The Medical Radiation Physics programme is accredited by the Institute of Physics and Engineering in Medicine (IPEM).

The Medical Radiation Physics programme is modular in structure. Students must obtain a total of 180 credits to qualify for the degree. This is made up of 120 credits in the taught element (Part One) and a project (Part Two) that is worth 60 credits and culminates in a written dissertation. Students must successfully complete Part One before being allowed to progress to Part Two.

Part-time Delivery mode

The part-time scheme is a version of the full-time equivalent MSc in Medical Radiation Physics scheme, and as such it means lectures are spread right across each week and you may have lectures across every day. Due to this timetabling format, the College advises that the scheme is likely to suit individuals who are looking to combine this with other commitments (typically family/caring) and who are looking for a less than full-time study option.

Those candidates seeking to combine the part-time option with full-time work are unlikely to find the timetable suitable, unless their job is extremely flexible and local to the Bay Campus.

Timetables for the Medical Radiation Physics programme are typically available one week prior to each semester.

Modules

Modules on the Medical Radiation Physics course can vary each year but you could expect to study:

• Introduction to the Practice of Medical Physicists and Clinical Engineers

• Nanoscale Simulation

• Physics of the Body

• Nuclear Medicine and Diagnostic Radiology

• Research Methods

• Radiation Protection

• Radiation Physics

• Radiotherapy Physics

• Medical Imaging

• Advanced Radiotherapy

• MSc Research Project

Accreditation

The Medical Radiation Physics course has been accredited by the Institute of Physics and Engineering in Medicine (IPEM). IPEM is the professional body that works with physical science, engineering and clinical professionals in academia, healthcare services and industry in the UK and supports clinical scientists and technologists in their practice through the provision and assessment of education and training.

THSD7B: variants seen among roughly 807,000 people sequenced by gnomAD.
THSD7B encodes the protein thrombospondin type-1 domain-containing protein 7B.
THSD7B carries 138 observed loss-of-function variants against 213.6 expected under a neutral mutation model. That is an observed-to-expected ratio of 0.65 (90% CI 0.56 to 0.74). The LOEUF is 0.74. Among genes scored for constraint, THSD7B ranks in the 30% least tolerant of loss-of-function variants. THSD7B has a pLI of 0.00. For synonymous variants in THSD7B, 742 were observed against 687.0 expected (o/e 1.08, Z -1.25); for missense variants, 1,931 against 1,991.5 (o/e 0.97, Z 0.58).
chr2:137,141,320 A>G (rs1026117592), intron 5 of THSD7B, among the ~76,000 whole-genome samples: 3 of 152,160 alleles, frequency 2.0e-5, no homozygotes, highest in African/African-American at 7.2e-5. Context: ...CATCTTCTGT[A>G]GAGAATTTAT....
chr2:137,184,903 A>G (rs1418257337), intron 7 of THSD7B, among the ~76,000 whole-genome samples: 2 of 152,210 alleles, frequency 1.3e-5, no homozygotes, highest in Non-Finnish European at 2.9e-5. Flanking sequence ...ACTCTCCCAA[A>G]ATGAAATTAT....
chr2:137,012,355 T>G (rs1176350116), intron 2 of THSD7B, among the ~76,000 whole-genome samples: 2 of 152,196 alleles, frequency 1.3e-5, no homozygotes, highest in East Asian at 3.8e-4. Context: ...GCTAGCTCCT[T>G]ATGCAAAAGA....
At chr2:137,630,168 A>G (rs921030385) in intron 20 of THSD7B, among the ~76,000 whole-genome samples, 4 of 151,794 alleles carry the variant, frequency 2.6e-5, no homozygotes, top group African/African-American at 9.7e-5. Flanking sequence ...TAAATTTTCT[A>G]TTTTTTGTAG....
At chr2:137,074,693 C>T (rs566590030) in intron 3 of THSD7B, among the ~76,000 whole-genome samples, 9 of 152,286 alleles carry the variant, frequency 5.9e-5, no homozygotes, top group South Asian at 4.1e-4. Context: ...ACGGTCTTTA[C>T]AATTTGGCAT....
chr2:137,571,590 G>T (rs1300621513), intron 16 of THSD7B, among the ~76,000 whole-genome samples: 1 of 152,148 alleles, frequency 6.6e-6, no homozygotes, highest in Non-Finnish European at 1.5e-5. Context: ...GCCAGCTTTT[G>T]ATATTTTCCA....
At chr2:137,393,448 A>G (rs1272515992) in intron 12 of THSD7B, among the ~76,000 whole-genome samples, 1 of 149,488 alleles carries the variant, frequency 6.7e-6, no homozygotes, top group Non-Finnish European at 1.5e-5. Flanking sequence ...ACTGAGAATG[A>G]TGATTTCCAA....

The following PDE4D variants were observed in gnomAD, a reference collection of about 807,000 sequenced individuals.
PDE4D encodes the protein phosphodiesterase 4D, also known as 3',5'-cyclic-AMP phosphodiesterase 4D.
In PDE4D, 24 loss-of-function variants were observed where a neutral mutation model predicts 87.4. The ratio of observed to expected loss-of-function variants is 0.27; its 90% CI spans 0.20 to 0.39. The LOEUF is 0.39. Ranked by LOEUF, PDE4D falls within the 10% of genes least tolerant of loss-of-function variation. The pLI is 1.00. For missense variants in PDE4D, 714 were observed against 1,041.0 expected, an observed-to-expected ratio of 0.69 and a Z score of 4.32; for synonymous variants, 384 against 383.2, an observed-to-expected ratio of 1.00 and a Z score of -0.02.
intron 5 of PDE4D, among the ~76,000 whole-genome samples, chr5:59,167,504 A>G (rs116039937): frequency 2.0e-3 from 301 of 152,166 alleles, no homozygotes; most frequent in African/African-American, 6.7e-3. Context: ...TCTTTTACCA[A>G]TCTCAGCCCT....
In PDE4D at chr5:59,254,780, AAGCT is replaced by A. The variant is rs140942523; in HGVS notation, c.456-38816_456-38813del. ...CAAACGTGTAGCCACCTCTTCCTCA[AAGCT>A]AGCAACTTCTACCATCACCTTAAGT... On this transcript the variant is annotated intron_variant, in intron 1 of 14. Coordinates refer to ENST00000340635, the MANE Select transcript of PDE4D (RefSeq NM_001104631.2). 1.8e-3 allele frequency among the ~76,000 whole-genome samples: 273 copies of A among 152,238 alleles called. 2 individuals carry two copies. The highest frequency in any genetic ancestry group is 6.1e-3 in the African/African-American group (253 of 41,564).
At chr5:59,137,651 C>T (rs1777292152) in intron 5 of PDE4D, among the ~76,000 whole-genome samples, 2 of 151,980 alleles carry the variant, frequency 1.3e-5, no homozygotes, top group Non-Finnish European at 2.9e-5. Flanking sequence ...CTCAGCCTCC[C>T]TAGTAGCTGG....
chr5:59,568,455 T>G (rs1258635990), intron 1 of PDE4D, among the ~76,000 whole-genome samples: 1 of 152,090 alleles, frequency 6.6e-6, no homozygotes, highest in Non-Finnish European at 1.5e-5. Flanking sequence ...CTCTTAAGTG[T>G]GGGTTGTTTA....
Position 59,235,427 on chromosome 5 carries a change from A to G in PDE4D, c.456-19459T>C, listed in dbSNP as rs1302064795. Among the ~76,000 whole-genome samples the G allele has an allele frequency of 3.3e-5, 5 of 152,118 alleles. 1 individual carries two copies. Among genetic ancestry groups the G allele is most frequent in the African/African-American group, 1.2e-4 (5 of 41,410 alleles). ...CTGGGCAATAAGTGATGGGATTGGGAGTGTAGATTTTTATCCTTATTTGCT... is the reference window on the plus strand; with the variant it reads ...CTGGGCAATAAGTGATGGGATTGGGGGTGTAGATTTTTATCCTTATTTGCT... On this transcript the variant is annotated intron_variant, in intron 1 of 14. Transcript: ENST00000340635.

Links with industry

The close proximity of Swansea University to two of the largest NHS Trusts in the UK outside of London, as well Velindre NHS Trust (a strongly academic cancer treatment centre), offers the opportunity for collaborative research through student placements.

The academic staff of this discipline have always had a good relationship with industrial organisations, which are the destination of our medical engineering graduates. The industrial input ranges from site visits to seminars delivered by clinical contacts.

Careers

The Medical Radiation Physics course will prepare you for research and clinical practise in a rapidly changing field, including tuition in computer modelling, human engineering and the medico-legal issues they imply. It will enable you to develop the potential to become leaders, defining and influencing medical practise.

For a medical physicist career path, the role includes opportunities for laboratory work, basic and applied research, management and teaching, offering a uniquely diverse career. In addition there is satisfaction in contributing directly to patient treatment and care.



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The aim of the MSc programme in Nuclear Engineering is to prepare engineers with the skills necessary to design, build and operate power generation plants, radioactive waste treatment plants, systems using radiation for industrial and medical applications, etc. Read more

Mission and goals

The aim of the MSc programme in Nuclear Engineering is to prepare engineers with the skills necessary to design, build and operate power generation plants, radioactive waste treatment plants, systems using radiation for industrial and medical applications, etc. The educational programme, therefore, gives emphasis to topics referring to energy applications, i.e. fission and fusion plants, nuclear fuel, materials and safety. Topics applied also in non-energy applications are accounted for, as in medical and industrial applications of radiation, material physics, plasma physics and nanotechnologies with a strong link to the nuclear field.

See the website http://www.polinternational.polimi.it/educational-offer/laurea-magistrale-equivalent-to-master-of-science-programmes/nuclear-engineering/

Career opportunities